The Battalion. (College Station, Tex.) 1893-current, October 15, 1986, Image 10

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Marines „
We’re looking for a few good meii.
Captain R. Mahany 846 . 8891 /9036
Class of 77
Page 10/The Battalion/Wednesday, October 15, 1986
Sherrill says SWC race just beginning
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By Homer Jacobs
Assistant Sports Editor
At his weekly Tuesday press con
ference, Texas A&M Coach Jackie
Sherrill tried to downplay the signif
icance of Saturday’s showdown be
tween A&M and Baylor in terms of
the Southwest Conference race.
“Anybody talking about going to
Dallas at this time, (the SWC race)
won’t be settled for a long time, re
gardless of whether you win or lose,”
Sherrill said.
But with Sherrill clad in a bright
green sports jacket and yellow pais
ley tie, it made it hard to believe the
Baylor-A&M battle would be just an
other conference game.
Sherrill said a crowd between
74,000 and 76,000 is expected in
Kyle Field to watch the No. 1 1 Ag
gies take on the No. 20 Bears, a team
that is probably better than its 4-2 re
“Baylor is the best 4-2 team in the
country,” Sherrill said.
He said if the Aggies are going to
win the game, defensive pressure on
Baylor quarterback Cody Carlson
will be the key.
But getting to Carlson could be a
formidable task according to Baylor
Coach Grant Teaff.
“People have found it hard to blitz
on us,” Teaff said in a telephone
hookup Tuesday.
Although the game matches two
solid defenses, Teaff said no one can
really shut down A&M’s offense.
“You hope to keep it from getting
way out ahead of you,” he said. “And
you hope you can get lucky enough
to win the ball game.”
The Aggies may need a little luck
as well to beat the Bears because
A&M’s injury list is unusually long.
Sherrill said five players definitely
will be out for Saturday’s game.
They include backup fullback Ira
Valentine (sprained ankle), 12th
Man Kickoff Team member Bill
Walker (knee), backup wide receiver
Greg Dillon (bruised thigh), backup
defensive back Anthony Taylor
(knee), and special teams member
Lance Haverda (concussion).
Eleven other players, including
quarterback Kevin Murray, center
Matt Wilson, wide receiver Shea
Walker and right tackle Marshall
Land, have nagging injuries that will
limit their practice time this week
but shouldn’t keep them out of ac-
tion o" < 5'>tnrrGv
Sherrill said the Aggie offense^
to eliminate the mistakes that hut
hampered A&M lately and prepay
for Baylor’s roaming All-Ameritj
li ce safety Thomas Everett.
“Everett, pound for pound, is tin
most productive player in tlj
league,” Sherrill said.
Sherrill also said he wants tostt
12th Man towels out in force, I*
cause the A&M crowd could be t
biggest factor in the game.
"Certainly, the crowd, the ho®
and the noise will be a big advantag f
to us,” he said. “And not likeotfe
places, our people don't lean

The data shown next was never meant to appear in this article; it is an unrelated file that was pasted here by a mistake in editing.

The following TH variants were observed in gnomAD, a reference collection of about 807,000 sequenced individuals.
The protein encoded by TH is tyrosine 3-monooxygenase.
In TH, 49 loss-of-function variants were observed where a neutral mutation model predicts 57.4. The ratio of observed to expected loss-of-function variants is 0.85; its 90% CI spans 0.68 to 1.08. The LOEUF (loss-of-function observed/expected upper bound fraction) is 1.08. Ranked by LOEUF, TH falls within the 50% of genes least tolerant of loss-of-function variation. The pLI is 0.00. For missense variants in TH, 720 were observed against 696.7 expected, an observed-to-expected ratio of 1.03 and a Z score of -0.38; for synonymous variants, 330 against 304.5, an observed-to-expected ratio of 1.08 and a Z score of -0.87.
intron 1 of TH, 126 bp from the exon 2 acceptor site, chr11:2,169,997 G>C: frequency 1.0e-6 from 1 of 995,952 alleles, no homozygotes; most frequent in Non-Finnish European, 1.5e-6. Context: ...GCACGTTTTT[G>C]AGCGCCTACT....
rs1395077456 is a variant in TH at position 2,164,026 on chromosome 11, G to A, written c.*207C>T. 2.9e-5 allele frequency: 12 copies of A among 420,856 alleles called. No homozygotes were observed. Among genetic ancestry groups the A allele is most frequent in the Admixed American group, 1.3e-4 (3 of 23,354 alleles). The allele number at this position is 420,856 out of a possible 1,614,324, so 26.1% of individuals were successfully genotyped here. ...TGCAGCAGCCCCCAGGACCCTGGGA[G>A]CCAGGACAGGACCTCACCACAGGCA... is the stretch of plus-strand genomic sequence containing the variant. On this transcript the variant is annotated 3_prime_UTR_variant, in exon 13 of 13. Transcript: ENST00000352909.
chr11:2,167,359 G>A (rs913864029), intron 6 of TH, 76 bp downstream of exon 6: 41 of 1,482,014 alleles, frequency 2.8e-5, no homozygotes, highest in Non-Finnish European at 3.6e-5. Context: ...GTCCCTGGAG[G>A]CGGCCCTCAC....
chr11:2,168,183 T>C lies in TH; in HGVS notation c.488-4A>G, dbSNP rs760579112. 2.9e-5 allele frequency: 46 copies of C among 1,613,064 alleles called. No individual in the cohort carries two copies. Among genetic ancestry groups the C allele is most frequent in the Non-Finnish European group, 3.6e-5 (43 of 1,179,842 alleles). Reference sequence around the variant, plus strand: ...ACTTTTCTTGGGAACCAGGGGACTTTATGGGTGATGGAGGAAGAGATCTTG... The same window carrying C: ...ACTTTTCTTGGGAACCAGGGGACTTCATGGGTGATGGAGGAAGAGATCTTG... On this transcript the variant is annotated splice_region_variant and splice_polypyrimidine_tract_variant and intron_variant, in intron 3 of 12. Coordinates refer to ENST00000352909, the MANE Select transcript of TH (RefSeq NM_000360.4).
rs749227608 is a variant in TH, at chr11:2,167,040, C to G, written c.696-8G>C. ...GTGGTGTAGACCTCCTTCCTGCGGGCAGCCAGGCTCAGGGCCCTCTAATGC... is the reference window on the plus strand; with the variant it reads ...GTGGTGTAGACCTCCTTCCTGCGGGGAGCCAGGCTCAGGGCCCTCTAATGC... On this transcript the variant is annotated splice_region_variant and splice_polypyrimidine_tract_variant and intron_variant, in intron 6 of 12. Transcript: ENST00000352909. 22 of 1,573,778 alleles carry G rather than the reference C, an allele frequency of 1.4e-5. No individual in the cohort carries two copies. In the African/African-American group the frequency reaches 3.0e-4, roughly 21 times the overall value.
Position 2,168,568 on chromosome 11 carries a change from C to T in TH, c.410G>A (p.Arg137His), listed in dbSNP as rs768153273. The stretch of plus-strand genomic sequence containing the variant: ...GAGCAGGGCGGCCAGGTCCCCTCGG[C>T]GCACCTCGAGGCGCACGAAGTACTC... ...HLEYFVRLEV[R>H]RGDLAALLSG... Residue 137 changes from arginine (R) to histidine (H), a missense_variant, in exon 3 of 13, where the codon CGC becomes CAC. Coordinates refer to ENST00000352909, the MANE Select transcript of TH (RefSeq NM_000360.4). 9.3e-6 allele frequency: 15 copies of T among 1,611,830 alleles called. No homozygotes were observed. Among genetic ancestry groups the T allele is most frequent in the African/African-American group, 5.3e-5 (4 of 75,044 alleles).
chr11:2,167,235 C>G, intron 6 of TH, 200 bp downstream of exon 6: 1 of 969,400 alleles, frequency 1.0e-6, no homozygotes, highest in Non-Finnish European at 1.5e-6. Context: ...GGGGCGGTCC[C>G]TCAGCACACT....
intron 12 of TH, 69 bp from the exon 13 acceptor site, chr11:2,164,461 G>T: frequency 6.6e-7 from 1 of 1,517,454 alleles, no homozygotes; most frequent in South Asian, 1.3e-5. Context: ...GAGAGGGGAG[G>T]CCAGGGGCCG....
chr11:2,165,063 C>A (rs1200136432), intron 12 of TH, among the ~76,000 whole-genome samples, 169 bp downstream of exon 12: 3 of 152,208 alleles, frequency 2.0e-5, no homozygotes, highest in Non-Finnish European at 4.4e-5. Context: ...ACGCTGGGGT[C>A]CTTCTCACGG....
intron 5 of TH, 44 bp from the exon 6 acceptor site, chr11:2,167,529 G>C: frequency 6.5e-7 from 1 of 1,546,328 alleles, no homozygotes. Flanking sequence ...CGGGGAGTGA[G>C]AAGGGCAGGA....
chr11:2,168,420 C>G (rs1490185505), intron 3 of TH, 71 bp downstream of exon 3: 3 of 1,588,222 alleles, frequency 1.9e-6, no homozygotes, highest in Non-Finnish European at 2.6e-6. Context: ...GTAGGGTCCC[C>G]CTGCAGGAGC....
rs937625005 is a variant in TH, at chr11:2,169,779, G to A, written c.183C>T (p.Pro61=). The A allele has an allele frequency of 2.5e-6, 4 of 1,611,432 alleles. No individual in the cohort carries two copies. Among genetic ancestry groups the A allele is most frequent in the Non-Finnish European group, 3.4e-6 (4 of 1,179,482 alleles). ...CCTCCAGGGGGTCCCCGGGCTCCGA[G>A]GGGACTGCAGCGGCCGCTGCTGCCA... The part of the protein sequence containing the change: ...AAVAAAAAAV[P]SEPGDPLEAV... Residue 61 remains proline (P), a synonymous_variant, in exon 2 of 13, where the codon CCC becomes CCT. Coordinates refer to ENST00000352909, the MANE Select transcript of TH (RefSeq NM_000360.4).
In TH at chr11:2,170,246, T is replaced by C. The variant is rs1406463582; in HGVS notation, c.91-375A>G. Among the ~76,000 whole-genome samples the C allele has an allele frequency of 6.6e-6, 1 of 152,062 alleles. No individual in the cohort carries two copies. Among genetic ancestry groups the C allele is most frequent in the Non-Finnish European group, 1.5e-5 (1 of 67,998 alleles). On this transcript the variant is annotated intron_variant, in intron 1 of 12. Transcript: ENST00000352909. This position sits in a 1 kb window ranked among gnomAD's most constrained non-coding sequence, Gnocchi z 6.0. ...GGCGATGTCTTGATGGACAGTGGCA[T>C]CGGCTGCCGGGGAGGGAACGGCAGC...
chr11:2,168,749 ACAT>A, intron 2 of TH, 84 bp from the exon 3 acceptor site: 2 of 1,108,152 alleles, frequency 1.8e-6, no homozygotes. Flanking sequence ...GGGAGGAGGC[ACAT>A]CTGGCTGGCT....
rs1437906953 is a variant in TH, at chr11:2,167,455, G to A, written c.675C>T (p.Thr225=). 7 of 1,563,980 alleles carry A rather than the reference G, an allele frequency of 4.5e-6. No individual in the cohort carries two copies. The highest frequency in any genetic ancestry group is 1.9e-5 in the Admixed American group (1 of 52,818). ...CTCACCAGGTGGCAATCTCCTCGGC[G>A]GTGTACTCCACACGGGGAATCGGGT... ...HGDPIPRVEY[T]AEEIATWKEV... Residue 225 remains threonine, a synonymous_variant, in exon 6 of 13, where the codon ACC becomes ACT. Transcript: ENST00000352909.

1 hey II stay here for 60 minutes,anj
the crowd noise will beallthe*at
down to the end.”
A&M’s Flowers earns AP honors
All work done by students
Supervised checked by our qualified, professional instructors.
Thurs., Oct. 16
Rudder Theatre
7:30 & 9:45pm
Presented by
MSC Cephid
(AP) — A little advice by the coach
helped Texas A&M cornerback
James Flowers pick off two passes,
returning one 25 yards for a touch
down in A&M’s 19-7 win over Hous
ton. It also netted him the Asso
ciated Press Defensive Player of the
With A&M ahead 12-0 early in the
fourth quarter, Flowers, a senior
from Bryan, picked off a Mike Davis
toss and scrambled down the side
line for the Aggies’ only touchdown
of the game.
“Before that series (defensive sec
ondary) Coach (Curley) Hallman
told me to get inside,” Flowers said.
“He said they were throwing short
slant passes.
And it was another slant pass. I
got a nice break, and just saw noth
ing but end zone.”
On the next Houston series, Flow
ers picked off another Davis pass,
this time at the UH 40, and returned
it 29 yards to the Houston 11 to set
up A&M’s final field goal.
Flowers said he thought he would
make it into the end zone again.
“I was looking forward to it,” he
Remember the Billy Joe Tolliver
of 1985? Well, he showed up again.
Recall the Tolliver who broke the
Southwest Conference single game
passing record with 26 of 43 passes
for 422 yards and five touchdowns
against Texas Christian last year?
The Texas Tech quarterback
wasn’t quite that prolific against the
Arkansas Razorbacks on Saturday
but he still directed the Red Raiders
to the upset of the year.
Tolliver, a redshirt sophomore
from Boyd, was named the AP Of
fensive Player of the Week for his
exploits against the eighth-ranked
unbeaten Razorbacks in a 17-7 vic
Tolliver’s story is one of boom,
bust, boom.
The Red Raiders were a high-fly
ing offensive outfit last year but
Jerry Moore was fired and David
McWilliams, a defensive specialist,